New permanent residence access for more than 90,000 essential temporary workers, international graduates
Immigration, Refugee, and Citizenship Minister Marco E. L. Mendicino have pioneered an innovative path to permanent residency for more than 90,000 essential workers and international graduates who actively contribute to Canada’s economy – Announced Wednesday.
These special public policies will bring Canada with existing temporary workers and international graduates with the required skills and experience to provide permanent status and defend the epidemic and boost its economic recovery, he said.
The aim of this new path will be on leading temporary workers and other essential fields working in hospitals and long-term care homes and international graduates who will lead the economy of tomorrow.
To qualify, workers must have at least one year of Canadian work experience in a healthcare profession or another pre-recognized essential occupation. International graduates must have completed a qualified Canadian post-secondary program in the last four years, not earlier than January 2017.
From May 6, 2021, Immigration, Refugees and Citizenship Canada (IRCC) will begin accepting applications under the following three streams:
- 20,000 applications for temporary workers in the health service
- 30,000 applications for temporary workers in selected other essential industries
- 40,000 applications for international students graduating from a Canadian institution
The streams will remain open until November 5, 2021, or until they reach their limit. 90,000 new permanent residents will be allowed under these three streams.
Three additional streams without caps have been launched for French-speaking or bilingual candidates to promote Canada’s official languages. Communities across Canada benefit from French-speaking and bilingual newcomers, and this path will contribute to the vitality of these Francophone minority communities.
A detailed description of all eligibility requirements is available within the General Policies.
Mendicino said if Canada continues to fight the epidemic, immigration will be crucial to its economic recovery by addressing labor shortages and adding workforce growth.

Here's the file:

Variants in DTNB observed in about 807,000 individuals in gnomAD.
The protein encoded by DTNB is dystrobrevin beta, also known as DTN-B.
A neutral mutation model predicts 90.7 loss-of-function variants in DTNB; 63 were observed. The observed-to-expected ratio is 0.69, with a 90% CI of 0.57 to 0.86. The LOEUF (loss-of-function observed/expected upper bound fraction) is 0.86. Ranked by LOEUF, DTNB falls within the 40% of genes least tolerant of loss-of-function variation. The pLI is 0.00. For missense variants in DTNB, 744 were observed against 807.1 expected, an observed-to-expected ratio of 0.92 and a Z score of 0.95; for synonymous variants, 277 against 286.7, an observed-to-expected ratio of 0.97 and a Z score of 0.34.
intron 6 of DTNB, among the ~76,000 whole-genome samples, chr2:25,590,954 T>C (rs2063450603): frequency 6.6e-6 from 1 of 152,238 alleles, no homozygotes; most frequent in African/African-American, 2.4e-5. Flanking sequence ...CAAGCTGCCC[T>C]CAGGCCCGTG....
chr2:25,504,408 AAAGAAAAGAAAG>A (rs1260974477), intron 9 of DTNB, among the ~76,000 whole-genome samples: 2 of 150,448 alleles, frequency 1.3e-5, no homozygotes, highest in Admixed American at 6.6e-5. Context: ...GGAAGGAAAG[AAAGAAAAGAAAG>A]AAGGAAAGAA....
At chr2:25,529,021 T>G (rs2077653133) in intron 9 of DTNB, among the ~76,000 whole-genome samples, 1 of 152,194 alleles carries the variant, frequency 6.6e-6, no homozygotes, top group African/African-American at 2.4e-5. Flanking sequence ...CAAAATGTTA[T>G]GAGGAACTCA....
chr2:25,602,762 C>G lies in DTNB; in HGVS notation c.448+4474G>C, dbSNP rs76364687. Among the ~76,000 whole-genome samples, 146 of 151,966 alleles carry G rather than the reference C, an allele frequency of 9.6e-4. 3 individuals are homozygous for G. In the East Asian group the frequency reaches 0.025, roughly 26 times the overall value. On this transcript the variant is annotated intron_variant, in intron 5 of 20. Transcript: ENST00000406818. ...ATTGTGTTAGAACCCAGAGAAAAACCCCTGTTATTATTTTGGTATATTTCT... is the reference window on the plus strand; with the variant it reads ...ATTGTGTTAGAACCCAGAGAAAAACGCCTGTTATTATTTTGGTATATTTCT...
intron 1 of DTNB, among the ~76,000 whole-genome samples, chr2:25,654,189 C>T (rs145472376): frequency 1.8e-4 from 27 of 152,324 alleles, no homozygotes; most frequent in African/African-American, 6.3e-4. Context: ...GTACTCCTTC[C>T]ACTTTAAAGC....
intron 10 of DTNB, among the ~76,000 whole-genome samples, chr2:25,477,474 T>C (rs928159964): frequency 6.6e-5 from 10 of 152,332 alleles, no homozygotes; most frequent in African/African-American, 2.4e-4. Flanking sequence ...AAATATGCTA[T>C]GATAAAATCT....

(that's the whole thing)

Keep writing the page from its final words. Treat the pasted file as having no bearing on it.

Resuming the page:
Along with a quick path to permanent residency, these special public policies will encourage essential temporary workers and international graduates to reduce their roots in Canada and help retain the skilled workers the country needs, especially in the health care system.
This announcement will help Canada achieve our 2021 Immigration Levels Plan, which will welcome 401,000 new permanent residents into the country. Talented newcomers and international graduates who are welcomed under the program will help create jobs and generate long-term growth in Canada.
Mendicino said: “The epidemic shone a bright light on the incredible contributions of newcomers. These new policies will enable those with temporary status to plan their future in Canada, play a major role in our economic recovery, and develop better. Our message to them is simple: Your condition may be temporary, but your contributions are long-lasting, and we want you to stay. ”
- These general policies apply to workers in 40 health care industries and to 95 other essential jobs in various sectors such as maintenance and food production and distribution.
- These policies form the significant measures already in place to help those here stay temporarily and permanently, including new measures to ensure that international students do not miss out on opportunities due to the greatest balance in epidemic and express history—entrance system.
- Graduates and workers must be proficient in one of Canada’s official languages; Meeting public permit requirements; Be authorized to work and work in Canada at the time of application to qualify.
- Immigration is essential to Francophone communities’ vitality across Canada, which is why these policies include exclusive seats for French-speaking or bilingual candidates, and there is no limit to their applications.
- Canada faces serious statistical challenges. In 1971, there were 6.6 working-age seniors per adult. Today, there are 3 are, and by 2035 there will be only 2. Without newcomers, future generations will pay more to retain the public services that Canadians rely on.
- According to Statistics Canada (January 2021), immigrants who have previously obtained a work permit report higher pay after one year as permanent residents.